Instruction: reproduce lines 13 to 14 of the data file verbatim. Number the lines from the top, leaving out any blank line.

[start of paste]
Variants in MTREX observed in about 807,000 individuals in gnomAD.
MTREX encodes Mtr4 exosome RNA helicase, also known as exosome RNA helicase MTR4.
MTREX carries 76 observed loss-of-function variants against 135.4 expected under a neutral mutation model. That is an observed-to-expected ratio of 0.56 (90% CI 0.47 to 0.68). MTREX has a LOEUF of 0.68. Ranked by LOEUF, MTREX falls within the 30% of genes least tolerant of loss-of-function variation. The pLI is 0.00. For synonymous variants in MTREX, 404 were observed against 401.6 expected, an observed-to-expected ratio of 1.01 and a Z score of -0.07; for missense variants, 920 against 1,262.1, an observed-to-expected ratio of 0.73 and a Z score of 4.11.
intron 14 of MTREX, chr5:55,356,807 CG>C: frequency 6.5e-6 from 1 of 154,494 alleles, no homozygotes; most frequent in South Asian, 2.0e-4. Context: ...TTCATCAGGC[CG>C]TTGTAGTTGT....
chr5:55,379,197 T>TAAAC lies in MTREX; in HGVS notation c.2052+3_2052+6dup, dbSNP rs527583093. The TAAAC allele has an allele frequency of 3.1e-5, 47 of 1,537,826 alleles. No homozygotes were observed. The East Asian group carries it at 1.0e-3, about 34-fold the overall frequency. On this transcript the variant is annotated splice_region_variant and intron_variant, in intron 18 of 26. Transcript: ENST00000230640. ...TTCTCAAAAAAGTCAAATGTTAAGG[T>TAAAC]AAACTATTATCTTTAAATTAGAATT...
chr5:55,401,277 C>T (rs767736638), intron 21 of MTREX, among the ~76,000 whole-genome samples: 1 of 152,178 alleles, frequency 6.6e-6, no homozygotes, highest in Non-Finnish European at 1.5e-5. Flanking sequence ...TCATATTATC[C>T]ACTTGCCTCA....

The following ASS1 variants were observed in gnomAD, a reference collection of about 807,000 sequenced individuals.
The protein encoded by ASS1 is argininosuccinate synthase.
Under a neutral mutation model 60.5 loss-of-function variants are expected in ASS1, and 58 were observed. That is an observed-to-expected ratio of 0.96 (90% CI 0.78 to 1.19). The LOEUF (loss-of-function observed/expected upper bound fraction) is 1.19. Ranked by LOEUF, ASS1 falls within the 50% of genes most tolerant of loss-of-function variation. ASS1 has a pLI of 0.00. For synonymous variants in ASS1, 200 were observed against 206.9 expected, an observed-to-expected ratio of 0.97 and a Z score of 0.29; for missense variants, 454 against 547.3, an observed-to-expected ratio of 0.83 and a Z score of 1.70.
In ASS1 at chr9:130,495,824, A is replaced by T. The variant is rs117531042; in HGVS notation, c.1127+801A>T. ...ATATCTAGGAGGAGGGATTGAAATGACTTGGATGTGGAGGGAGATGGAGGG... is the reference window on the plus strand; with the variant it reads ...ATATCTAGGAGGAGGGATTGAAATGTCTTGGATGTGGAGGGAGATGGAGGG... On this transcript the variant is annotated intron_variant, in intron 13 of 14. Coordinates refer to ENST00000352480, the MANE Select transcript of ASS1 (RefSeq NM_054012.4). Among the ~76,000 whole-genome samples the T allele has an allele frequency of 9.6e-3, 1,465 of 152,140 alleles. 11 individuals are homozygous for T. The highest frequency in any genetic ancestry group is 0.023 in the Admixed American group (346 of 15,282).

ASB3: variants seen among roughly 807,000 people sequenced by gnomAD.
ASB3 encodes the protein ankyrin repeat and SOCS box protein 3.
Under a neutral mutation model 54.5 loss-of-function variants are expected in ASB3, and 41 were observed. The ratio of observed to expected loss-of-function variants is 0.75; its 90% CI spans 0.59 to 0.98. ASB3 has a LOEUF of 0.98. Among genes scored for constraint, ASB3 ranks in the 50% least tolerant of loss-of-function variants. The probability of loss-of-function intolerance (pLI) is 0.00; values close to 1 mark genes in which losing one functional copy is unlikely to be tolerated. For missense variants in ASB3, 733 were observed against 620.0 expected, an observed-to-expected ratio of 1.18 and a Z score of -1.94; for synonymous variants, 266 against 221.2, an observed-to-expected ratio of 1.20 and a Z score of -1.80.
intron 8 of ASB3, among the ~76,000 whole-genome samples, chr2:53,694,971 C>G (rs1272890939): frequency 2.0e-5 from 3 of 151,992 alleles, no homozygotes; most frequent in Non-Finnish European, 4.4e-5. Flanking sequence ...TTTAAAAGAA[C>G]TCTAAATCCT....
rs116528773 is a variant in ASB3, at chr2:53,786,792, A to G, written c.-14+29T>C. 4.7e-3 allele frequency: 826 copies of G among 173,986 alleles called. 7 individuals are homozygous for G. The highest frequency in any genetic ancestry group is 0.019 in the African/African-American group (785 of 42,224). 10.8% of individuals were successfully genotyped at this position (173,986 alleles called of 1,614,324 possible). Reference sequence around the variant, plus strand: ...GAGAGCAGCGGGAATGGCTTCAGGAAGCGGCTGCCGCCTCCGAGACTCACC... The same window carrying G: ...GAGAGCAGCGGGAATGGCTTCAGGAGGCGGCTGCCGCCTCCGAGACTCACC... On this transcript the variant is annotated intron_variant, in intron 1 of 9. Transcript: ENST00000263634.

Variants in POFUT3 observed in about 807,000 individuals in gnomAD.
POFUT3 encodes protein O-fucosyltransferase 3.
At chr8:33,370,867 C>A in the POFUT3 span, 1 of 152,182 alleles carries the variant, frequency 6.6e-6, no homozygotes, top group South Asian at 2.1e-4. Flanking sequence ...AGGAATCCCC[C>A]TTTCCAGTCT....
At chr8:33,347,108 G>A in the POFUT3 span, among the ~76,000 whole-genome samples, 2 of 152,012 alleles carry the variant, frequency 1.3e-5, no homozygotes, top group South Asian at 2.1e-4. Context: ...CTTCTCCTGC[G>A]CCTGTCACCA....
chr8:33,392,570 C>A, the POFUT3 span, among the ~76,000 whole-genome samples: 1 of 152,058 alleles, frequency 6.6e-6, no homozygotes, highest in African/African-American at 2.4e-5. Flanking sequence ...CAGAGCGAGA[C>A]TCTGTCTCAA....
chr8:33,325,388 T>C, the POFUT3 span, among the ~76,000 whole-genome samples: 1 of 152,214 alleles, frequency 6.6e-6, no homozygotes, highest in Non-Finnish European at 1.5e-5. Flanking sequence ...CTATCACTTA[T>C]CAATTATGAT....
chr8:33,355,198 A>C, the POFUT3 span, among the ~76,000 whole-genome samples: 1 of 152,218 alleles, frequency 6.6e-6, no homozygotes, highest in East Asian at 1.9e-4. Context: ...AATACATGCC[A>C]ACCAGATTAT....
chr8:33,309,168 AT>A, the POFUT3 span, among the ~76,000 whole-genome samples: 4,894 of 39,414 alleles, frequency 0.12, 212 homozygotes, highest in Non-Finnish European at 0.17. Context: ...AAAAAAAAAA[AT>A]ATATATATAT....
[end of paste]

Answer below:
Under a neutral mutation model 54.5 loss-of-function variants are expected in ASB3, and 41 were observed. The ratio of observed to expected loss-of-function variants is 0.75; its 90% CI spans 0.59 to 0.98. ASB3 has a LOEUF of 0.98. Among genes scored for constraint, ASB3 ranks in the 50% least tolerant of loss-of-function variants. The probability of loss-of-function intolerance (pLI) is 0.00; values close to 1 mark genes in which losing one functional copy is unlikely to be tolerated. For missense variants in ASB3, 733 were observed against 620.0 expected, an observed-to-expected ratio of 1.18 and a Z score of -1.94; for synonymous variants, 266 against 221.2, an observed-to-expected ratio of 1.20 and a Z score of -1.80.
intron 8 of ASB3, among the ~76,000 whole-genome samples, chr2:53,694,971 C>G (rs1272890939): frequency 2.0e-5 from 3 of 151,992 alleles, no homozygotes; most frequent in Non-Finnish European, 4.4e-5. Flanking sequence ...TTTAAAAGAA[C>G]TCTAAATCCT....